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Telehealth Eases Stress, Accelerates Diagnosis Time in Georgia

TechSource Editor

February 29, 2016  |  Telehealth

Iron Bow’s TED (Telehealth Education Delivered) truck hit the road again in 2016, making its way across the United States visiting hundreds of Veterans medical clinics and offices. While TED is on the go, we are taking the opportunity to talk with all of our TED partners about the many aspects of telehealth and how technology is evolving to help care teams, practitioners and specialists improve care, anywhere, at anytime. Our partner, Cisco, has made significant headway in delivering telehealth solutions. Here is an example of their work with Georgia Tech Research Institute (GTRI):

Health issues of any kind causes stress on a patient and his or her family. It is compounded exponentially when quality healthcare is not within a reasonable proximity. Take for example in Georgia, where one family took on a six-hour round-trip journey just to access help for autistic children. Not only was it causing stress for the family, it was taking time away from both school and work.

Telehealth technology provided through the Connected Healthy Children program, which allows the family to see medical experts without leaving their community, eliminated the added stress.

In this case, the family meets face-to-face with medical experts in Atlanta from the local hospital via a state-of-the-art telemedicine link to Marcus Autism Center. The Center’s telemedicine room is a showcase for providers after being optimized by scientists at the GTRI and Cisco.

The redesign created telepresence, clinical workflow and diagnostic processes that enables clinicians to identify rural children with autism spectrum disorders as early as 18 months – a vast improvement from previous diagnosis, which had been as late as 7 years old.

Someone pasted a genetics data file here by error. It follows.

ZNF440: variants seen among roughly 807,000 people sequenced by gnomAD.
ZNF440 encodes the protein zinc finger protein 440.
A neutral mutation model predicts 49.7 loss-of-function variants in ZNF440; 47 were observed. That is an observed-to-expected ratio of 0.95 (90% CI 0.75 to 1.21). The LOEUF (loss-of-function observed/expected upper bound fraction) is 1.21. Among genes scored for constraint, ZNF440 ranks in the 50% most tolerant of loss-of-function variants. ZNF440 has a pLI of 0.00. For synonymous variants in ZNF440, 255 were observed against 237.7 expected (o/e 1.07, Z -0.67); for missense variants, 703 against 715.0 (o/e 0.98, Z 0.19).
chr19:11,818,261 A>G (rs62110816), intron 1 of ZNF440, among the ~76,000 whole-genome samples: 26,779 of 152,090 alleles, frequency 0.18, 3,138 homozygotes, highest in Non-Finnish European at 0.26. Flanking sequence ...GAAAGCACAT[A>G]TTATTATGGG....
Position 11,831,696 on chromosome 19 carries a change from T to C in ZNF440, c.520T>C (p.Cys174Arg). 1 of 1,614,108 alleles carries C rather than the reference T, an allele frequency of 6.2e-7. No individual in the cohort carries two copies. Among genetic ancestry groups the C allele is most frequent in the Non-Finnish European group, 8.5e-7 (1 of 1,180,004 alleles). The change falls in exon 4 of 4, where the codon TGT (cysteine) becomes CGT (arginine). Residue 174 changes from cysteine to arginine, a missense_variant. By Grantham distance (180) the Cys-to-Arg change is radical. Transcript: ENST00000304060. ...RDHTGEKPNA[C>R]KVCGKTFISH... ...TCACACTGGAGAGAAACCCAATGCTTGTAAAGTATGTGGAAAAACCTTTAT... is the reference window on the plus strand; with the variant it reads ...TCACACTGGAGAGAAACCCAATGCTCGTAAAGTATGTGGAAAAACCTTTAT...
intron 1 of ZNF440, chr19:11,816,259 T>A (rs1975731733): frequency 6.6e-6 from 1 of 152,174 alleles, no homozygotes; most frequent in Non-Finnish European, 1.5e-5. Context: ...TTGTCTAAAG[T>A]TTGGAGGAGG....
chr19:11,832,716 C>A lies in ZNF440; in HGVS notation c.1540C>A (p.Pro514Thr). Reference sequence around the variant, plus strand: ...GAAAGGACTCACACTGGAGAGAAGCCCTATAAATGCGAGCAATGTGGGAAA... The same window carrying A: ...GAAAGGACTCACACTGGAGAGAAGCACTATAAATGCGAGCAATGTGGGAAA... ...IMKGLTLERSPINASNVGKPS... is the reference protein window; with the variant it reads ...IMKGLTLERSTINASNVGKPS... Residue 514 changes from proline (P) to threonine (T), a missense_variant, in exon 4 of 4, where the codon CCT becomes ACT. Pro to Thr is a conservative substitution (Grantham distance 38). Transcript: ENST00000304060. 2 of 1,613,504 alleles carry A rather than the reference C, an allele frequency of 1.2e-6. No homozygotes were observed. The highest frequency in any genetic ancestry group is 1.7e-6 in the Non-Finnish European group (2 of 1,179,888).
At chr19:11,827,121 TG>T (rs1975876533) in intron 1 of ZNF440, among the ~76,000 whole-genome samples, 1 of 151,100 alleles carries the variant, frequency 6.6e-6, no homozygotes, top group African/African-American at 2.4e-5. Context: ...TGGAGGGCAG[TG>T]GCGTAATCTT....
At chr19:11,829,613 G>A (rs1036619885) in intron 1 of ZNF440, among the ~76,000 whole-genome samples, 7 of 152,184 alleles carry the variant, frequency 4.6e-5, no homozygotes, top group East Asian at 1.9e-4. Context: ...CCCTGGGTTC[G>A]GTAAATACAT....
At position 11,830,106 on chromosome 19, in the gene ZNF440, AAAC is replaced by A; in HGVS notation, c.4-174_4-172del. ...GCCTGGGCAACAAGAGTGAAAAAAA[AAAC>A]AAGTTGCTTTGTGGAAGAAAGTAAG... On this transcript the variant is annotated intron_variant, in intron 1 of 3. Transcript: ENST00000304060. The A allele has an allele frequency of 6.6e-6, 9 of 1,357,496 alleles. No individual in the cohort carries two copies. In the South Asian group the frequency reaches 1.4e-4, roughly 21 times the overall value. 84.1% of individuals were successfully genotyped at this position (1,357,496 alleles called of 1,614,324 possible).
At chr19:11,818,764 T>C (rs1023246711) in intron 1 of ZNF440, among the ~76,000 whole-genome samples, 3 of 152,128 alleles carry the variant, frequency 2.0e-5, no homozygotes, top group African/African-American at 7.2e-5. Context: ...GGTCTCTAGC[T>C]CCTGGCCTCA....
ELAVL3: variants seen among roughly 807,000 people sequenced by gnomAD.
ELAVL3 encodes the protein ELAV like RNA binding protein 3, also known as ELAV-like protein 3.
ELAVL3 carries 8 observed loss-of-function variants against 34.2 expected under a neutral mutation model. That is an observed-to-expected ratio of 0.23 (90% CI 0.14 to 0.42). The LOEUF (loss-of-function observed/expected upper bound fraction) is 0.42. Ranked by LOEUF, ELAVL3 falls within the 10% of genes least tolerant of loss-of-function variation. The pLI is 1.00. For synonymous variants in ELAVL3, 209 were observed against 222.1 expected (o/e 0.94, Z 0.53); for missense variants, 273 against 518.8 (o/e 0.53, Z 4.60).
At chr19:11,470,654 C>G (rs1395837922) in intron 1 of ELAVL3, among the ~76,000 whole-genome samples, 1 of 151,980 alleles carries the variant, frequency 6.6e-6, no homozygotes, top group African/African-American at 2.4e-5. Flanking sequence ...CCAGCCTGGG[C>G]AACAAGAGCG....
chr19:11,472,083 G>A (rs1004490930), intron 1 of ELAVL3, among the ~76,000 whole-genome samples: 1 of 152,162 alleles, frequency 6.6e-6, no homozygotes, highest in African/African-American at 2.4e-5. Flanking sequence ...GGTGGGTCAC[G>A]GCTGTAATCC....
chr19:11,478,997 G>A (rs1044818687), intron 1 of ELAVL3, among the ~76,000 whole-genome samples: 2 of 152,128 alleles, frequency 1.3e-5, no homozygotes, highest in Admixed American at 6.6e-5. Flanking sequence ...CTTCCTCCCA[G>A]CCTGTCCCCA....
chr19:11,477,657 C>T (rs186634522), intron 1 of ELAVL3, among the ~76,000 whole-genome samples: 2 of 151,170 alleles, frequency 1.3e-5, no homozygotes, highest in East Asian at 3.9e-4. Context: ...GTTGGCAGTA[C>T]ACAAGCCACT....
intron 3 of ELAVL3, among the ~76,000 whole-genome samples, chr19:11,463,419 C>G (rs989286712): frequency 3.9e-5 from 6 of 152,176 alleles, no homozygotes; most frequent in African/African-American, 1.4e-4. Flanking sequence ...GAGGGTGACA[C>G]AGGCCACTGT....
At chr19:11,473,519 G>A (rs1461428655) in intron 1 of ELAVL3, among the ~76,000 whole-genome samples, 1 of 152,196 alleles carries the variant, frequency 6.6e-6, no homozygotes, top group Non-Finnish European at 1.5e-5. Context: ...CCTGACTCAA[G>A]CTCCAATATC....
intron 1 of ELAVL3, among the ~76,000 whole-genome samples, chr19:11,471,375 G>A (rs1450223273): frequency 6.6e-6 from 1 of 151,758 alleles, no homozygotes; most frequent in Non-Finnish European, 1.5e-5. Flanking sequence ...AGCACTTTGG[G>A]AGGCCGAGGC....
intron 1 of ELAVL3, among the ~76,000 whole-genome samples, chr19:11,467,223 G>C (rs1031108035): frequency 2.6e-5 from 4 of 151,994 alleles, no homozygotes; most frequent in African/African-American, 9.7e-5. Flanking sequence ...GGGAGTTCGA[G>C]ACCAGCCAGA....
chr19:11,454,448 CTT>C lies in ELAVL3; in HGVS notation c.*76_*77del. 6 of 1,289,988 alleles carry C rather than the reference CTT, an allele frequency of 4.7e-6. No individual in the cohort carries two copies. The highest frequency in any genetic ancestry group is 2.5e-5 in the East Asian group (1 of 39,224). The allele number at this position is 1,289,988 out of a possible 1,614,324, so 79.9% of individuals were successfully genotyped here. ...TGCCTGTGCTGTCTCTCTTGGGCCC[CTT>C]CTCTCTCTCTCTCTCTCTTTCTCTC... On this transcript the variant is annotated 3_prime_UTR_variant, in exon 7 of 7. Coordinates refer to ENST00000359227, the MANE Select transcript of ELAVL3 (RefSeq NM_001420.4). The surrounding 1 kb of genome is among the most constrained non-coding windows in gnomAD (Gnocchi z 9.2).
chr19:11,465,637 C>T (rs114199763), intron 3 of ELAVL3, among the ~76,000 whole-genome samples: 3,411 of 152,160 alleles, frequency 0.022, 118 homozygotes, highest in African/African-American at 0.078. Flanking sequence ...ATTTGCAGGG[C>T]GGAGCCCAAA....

“We’re helping to screen a lot of children with developmental disabilities so that it’s no longer seven years until they are diagnosed. The younger you can diagnose, the better off you are,” said Felissa Goldstein, M.D., who uses the system for early screening and continuing care for children with autism spectrum disorders.

In the past, her telemedicine system had poor lighting, muffled sound and displaced monitors, which created heavily reduced eye contact. Cisco, as a provider of telemedicine equipment at Children’s Healthcare of Atlanta, donated approximately half-a-million dollars’ worth of equipment and software toward telemedicine enhancements at both Marcus Autism Center and Children’s.

The GTRI and Cisco team found the best way to orient the telemedicine monitors to optimize eye contact and visual connection between doctor and patient for better care. In addition, the new system is in a room of its own with better lighting to make Goldstein appear natural, rather than dark and shadowy. Importantly for HIPAA compliance, the room is soundproof.

“Cisco worked hand-in-hand with us from the beginning,” said Courtney Crooks, a senior research scientist at GTRI, who is leading the project. “In a patient-provider relationship, the experience is really important. We wanted to ensure the telepresence is at least as good as when you’re sitting in the office with a provider. Plus, we wanted to use technology to enhance the clinical workflow and capabilities of the provider, beyond what they may be able to accomplish through manual means.”

Every patient wants to make a personal connection with his or her caregiver, but sometimes distance gets in the way. Telehealth is the best answer for people in those situations.

Learn more about the Marcus Autism Center Telehealth solution here.

Read more at Georgia Tech Research Institute case study.

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